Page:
By Doug Kisgen
Anyone with an entrepreneurial heart will understand you can’t just decide to start a business one day and expect success the next. I believe there are certain principles that can lead to success in business.
- Be open to mentorship. Nothing great was accomplished alone. Look for experts and consider spiritual direction. Check out coaches and consultants. Know yourself and especially your weaknesses so they can be delegated to someone else. Be part of a mastermind group such as Entrepreneur’s Organization, etc.
- Make an honest assessment of where you are. Examine your day; be sorry for the times you fell short and thankful for the times you were virtuous. Then make a resolution for the next day. Also consider long-term goals and resolutions.
- Prioritization is key. Who or what comes first in your life? Second? Whether you have consciously identified this or not, it’s obvious in where you spend most of your thoughts and time. The proper hierarchy is God first, spouse second, kids third and everything else after that.
- Live a life of virtue. Dr. Martin Seligman, the father of positive psychology, researched the major cultures of all time and concluded there are six universal principles held by all peoples of all time. Transcendence, love, wisdom, justice, courage and temperance. These principles can also be called virtues. Whether it’s the Bible, Aristotle, Augustine, Aquinas, Ben Franklin or Seligman, all these virtues are a part of who we are. If we are not striving to live them out, we are not being who we are. We are living a lie and cannot be fully happy. However, it is also important to recognize that we cannot master all of these virtues at once. Instead, we can focus on one per week, or per month, until we feel it comes more naturally.
- Give past being fair. The most important virtue is love/charity. This is a total gift of self. We cannot give without receiving. Relationships, especially marriages, are not about what we get but more about what we give. It’s not about being fair. It’s about giving past fair.
- Choose to make sacrifices. Bad things happen to good people, and pleasure in itself does not produce happiness. Too much of a good thing is not a good thing. Choosing to make sacrifices for another can produce great joy. Recognizing that everything that happens to us provides us a choice on how we react is important. A nail must have resistance when hammered into a wall or else it won’t be able to support the picture hanging on it. The setbacks we are given provide us opportunities to grow in virtue.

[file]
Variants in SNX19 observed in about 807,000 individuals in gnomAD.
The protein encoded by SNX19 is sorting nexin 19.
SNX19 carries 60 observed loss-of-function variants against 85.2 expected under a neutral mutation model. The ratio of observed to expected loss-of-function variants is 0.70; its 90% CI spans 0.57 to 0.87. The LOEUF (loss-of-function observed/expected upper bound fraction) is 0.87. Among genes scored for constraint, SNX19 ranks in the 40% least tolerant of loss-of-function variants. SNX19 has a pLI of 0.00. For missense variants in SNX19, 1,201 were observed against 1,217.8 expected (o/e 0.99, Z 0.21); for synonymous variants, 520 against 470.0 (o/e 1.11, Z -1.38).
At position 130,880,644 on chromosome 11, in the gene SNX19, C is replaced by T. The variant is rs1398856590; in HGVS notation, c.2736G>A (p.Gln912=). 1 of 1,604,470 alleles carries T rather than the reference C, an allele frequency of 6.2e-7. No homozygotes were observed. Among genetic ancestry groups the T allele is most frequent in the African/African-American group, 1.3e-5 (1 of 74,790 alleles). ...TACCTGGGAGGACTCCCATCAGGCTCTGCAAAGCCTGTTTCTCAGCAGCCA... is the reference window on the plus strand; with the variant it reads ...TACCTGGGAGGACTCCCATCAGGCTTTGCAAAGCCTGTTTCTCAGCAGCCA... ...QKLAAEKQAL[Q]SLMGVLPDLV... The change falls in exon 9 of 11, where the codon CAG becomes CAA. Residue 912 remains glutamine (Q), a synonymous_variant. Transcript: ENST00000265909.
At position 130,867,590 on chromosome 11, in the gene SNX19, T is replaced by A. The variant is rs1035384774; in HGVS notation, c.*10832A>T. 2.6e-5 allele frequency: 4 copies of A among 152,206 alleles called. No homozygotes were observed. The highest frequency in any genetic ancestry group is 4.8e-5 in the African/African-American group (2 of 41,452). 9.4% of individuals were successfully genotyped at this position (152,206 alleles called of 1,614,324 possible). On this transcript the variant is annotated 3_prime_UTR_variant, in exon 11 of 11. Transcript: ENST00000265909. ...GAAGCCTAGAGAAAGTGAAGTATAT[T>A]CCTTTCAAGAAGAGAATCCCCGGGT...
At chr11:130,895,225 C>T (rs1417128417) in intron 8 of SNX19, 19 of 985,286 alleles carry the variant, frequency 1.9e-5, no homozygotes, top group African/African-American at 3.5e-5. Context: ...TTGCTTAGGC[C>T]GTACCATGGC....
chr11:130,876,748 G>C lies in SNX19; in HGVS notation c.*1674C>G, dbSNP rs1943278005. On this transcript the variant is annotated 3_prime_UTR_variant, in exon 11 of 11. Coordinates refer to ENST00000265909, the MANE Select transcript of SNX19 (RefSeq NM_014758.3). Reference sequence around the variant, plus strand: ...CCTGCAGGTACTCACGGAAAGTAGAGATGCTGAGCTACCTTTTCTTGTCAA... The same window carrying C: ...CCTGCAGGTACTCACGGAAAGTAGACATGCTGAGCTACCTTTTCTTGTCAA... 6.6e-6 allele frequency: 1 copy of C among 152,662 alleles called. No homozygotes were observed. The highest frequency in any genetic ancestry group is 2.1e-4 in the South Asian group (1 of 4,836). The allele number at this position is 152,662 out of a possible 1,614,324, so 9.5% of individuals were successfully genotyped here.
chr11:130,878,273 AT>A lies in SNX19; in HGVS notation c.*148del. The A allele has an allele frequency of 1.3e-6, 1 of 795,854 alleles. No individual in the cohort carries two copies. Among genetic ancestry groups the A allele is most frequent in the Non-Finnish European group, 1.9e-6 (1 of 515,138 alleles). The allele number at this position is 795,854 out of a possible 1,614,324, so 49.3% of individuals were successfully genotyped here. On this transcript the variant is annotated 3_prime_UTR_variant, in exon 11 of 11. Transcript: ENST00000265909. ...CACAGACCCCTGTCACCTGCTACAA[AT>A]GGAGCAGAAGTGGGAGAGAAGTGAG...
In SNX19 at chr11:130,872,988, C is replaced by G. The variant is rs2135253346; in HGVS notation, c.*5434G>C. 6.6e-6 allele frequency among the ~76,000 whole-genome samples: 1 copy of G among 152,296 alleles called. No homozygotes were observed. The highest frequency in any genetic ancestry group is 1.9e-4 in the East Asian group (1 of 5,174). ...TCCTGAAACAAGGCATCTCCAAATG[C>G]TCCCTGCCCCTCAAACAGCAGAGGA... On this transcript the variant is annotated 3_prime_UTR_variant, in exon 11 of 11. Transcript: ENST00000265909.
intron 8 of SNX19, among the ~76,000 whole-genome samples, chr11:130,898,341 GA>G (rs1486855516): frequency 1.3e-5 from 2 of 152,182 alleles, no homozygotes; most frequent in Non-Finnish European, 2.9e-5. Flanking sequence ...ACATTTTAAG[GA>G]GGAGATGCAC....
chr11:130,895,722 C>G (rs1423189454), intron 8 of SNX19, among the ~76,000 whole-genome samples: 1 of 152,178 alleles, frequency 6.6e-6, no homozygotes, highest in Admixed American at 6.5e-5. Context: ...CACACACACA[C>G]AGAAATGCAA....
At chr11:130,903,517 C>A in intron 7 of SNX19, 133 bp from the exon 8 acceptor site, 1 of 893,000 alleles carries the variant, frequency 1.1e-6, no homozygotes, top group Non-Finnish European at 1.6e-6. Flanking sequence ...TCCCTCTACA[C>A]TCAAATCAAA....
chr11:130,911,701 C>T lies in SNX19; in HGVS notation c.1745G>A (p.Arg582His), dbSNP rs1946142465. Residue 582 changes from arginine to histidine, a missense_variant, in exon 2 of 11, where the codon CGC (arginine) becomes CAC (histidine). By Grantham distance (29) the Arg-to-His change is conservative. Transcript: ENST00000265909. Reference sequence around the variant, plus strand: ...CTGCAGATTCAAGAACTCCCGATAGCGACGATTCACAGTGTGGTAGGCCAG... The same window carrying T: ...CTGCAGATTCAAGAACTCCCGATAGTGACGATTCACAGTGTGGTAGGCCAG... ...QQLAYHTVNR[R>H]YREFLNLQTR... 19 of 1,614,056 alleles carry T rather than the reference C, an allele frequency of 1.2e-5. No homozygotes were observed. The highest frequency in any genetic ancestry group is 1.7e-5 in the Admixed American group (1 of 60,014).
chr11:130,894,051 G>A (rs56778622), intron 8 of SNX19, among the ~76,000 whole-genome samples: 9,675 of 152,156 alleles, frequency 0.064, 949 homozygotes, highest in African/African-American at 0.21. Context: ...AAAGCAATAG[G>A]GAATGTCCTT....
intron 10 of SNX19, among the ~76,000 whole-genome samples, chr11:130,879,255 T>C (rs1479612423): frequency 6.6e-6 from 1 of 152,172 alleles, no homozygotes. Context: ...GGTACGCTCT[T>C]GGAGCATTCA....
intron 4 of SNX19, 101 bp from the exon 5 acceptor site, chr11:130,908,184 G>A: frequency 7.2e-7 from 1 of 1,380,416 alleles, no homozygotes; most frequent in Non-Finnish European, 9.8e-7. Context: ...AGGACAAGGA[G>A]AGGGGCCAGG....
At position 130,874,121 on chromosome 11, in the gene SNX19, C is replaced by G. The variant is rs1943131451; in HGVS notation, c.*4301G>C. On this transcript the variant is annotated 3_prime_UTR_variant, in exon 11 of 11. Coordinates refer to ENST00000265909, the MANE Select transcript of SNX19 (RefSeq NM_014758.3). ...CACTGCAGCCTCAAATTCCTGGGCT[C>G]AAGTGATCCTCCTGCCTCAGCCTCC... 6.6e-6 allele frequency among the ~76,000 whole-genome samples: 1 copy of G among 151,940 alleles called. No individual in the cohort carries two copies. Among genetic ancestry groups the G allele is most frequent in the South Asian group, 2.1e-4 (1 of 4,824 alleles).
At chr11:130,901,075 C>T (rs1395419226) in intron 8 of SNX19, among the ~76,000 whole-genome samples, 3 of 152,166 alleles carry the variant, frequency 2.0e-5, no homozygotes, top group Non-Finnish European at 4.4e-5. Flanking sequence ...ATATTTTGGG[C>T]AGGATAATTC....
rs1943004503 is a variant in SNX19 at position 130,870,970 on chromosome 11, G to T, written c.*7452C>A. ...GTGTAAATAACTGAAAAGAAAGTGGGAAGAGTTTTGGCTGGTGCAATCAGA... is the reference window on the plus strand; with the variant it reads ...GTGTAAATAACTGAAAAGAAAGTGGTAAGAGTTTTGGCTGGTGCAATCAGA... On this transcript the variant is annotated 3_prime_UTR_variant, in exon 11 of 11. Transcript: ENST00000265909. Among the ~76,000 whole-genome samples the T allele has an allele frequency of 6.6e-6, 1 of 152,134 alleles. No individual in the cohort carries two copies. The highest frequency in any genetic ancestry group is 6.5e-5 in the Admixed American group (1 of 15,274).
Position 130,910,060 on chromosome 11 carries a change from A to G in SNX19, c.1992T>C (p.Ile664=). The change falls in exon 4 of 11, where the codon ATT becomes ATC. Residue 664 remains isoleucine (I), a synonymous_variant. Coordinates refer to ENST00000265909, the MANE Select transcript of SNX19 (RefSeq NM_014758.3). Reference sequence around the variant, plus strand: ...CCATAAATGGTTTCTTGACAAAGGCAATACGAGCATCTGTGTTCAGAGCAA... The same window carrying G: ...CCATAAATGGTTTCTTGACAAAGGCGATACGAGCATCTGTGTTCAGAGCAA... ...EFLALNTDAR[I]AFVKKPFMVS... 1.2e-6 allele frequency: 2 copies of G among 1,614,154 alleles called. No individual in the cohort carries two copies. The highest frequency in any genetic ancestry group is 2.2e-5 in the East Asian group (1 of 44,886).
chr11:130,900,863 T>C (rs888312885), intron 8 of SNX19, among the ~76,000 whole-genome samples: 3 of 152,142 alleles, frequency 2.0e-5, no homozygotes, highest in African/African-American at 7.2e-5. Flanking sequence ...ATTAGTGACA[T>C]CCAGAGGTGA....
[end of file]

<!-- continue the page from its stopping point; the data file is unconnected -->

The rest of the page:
- Win the battle with your alarm clock. The old saying is you lose 10% of your daily energy every time you hit the snooze button. It is our first battle of the will each day. Now we know from research that our willpower is like a muscle that can become fatigued. This is called ego depletion. It’s one reason why Steve Jobs wore the same thing every day. It was one less decision to make. Each time you hit the snooze button, you are making a decision that depletes energy for making other more important decisions throughout the day.
- Use meditation/prayer to gain authentic joy. Meditation, or prayer, is a critical component of happiness. You can’t be grateful and sad at the same time. Part of giving thanks is to do so to a higher power who is ultimately the reason for our existence. There are many forms of prayer, but one of the most ancient is called Lectio Divina, or “divine reading.” It means taking a portion of scripture/readings and gnawing on them to see if something speaks to you. If it does, you pause and ponder it for a bit, and if it doesn’t, you move on.
- Move forward, not backward. Life is a battle, and if we aren’t moving forward, we are most certainly moving backward. We need to take care and love those around us first. This is counter-cultural right now and is a major part of why we are in the mess we are in. People are looking out for number one when the best way to look out for number one is to look out for others first. We don’t “deserve” anything. We need to “rethink” our priorities and commit to small actions steps following the core principles in Rethink Happy.
These nine steps are not a guarantee of success, but I can guarantee you will be happier and experience more authentic joy in your successes and in your failures as you start an entrepreneurial journey.
Doug Kisgen is a serial entrepreneur, organizational consultant, and author of Rethink Happy. Doug’s current company, Kisgen Group, works with entrepreneurs and executives to help them get what they want through the use of a short survey that validly measures seven work-related traits. Follow Doug on Twitter @dougkisgen.